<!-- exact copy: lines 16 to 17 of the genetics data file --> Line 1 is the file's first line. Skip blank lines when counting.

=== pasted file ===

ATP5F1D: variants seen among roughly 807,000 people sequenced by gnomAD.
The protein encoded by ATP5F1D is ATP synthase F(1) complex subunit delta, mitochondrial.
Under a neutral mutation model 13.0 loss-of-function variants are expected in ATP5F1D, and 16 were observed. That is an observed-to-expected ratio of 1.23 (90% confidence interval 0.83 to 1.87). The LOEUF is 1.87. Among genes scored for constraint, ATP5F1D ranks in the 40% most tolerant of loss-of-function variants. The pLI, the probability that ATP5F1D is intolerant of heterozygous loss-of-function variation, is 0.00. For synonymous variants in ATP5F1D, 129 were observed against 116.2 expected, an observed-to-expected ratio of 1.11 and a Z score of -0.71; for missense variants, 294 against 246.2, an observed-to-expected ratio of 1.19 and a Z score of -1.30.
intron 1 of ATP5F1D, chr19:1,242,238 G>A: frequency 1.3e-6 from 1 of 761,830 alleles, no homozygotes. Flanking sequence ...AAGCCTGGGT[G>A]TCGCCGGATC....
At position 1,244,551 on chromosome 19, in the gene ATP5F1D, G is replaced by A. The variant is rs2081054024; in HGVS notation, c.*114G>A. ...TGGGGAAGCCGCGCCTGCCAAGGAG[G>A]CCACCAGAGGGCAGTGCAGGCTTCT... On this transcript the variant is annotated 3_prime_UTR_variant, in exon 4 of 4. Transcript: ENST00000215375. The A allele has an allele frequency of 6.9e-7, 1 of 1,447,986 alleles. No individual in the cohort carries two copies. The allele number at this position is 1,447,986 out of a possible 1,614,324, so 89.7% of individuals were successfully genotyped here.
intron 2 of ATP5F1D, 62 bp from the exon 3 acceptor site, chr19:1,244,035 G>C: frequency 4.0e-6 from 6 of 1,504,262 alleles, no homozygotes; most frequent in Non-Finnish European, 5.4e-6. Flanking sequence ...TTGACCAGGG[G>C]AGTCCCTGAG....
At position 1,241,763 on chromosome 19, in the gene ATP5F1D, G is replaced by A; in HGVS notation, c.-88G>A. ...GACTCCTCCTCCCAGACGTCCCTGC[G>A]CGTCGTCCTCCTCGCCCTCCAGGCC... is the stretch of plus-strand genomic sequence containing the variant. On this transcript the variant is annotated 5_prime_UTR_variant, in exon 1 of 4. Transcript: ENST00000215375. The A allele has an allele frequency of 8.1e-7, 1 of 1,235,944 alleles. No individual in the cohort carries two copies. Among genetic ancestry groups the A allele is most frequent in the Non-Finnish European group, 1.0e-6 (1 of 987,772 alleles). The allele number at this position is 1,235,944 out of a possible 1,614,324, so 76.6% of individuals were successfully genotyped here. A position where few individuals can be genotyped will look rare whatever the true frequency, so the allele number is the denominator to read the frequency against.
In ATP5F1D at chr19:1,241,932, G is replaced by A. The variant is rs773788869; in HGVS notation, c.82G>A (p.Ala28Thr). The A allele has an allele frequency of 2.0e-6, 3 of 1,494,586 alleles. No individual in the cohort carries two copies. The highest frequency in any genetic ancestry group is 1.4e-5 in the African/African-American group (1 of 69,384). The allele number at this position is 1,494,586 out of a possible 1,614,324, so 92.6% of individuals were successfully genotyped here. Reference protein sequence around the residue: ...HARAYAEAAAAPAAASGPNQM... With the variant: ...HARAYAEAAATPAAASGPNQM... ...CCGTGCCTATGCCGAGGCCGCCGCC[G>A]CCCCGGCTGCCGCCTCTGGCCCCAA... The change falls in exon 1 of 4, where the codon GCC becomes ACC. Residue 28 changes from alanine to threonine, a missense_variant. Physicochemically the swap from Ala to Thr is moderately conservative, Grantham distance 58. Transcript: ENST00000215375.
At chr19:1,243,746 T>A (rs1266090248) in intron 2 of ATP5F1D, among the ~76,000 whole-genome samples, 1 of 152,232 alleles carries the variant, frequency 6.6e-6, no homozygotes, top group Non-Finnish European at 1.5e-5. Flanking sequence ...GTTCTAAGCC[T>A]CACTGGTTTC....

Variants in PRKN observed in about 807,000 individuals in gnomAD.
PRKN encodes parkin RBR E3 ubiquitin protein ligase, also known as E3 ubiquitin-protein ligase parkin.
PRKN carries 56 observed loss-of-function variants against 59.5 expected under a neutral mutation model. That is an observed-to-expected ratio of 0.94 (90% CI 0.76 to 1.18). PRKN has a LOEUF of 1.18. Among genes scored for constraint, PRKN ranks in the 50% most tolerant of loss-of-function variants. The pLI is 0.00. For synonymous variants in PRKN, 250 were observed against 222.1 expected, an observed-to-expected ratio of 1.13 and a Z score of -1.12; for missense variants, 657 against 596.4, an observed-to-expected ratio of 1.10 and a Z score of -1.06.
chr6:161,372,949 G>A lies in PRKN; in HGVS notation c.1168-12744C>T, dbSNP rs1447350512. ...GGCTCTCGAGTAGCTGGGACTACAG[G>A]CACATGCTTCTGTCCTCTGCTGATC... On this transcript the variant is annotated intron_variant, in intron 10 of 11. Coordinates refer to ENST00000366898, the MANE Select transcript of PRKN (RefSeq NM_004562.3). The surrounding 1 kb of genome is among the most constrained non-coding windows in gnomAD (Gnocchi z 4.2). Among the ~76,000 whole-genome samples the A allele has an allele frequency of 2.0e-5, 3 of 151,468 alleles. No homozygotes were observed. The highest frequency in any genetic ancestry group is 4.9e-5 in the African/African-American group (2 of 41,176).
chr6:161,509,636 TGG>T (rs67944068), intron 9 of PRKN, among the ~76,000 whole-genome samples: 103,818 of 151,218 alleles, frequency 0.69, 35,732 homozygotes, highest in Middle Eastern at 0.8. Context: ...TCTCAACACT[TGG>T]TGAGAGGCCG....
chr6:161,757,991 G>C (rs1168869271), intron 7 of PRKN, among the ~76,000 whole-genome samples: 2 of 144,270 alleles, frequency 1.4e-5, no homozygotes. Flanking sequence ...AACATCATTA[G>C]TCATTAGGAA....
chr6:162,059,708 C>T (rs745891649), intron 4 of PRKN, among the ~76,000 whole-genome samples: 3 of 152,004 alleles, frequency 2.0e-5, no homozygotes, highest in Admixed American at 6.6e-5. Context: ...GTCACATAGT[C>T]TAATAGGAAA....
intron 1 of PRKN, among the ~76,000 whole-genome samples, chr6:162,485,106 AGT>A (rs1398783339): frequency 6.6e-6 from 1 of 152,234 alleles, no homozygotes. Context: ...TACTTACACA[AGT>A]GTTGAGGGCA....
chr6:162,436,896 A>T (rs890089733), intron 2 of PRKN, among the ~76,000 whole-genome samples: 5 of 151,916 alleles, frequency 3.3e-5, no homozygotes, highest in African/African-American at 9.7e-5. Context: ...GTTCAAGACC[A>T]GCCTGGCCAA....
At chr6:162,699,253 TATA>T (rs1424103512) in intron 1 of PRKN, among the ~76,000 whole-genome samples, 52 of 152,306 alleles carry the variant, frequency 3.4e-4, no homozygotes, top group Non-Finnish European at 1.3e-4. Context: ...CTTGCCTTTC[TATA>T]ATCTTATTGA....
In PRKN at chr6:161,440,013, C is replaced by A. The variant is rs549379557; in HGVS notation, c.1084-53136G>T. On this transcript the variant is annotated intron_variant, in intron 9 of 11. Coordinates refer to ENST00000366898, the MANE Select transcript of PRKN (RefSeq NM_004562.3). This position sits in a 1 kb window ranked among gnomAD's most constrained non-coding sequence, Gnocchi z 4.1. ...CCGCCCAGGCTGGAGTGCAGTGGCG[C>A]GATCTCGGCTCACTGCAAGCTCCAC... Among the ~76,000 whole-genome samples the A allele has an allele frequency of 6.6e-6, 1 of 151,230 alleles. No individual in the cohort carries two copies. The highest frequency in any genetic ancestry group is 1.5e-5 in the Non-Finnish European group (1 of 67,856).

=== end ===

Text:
chr6:162,059,708 C>T (rs745891649), intron 4 of PRKN, among the ~76,000 whole-genome samples: 3 of 152,004 alleles, frequency 2.0e-5, no homozygotes, highest in Admixed American at 6.6e-5. Context: ...GTCACATAGT[C>T]TAATAGGAAA....
intron 1 of PRKN, among the ~76,000 whole-genome samples, chr6:162,485,106 AGT>A (rs1398783339): frequency 6.6e-6 from 1 of 152,234 alleles, no homozygotes. Context: ...TACTTACACA[AGT>A]GTTGAGGGCA....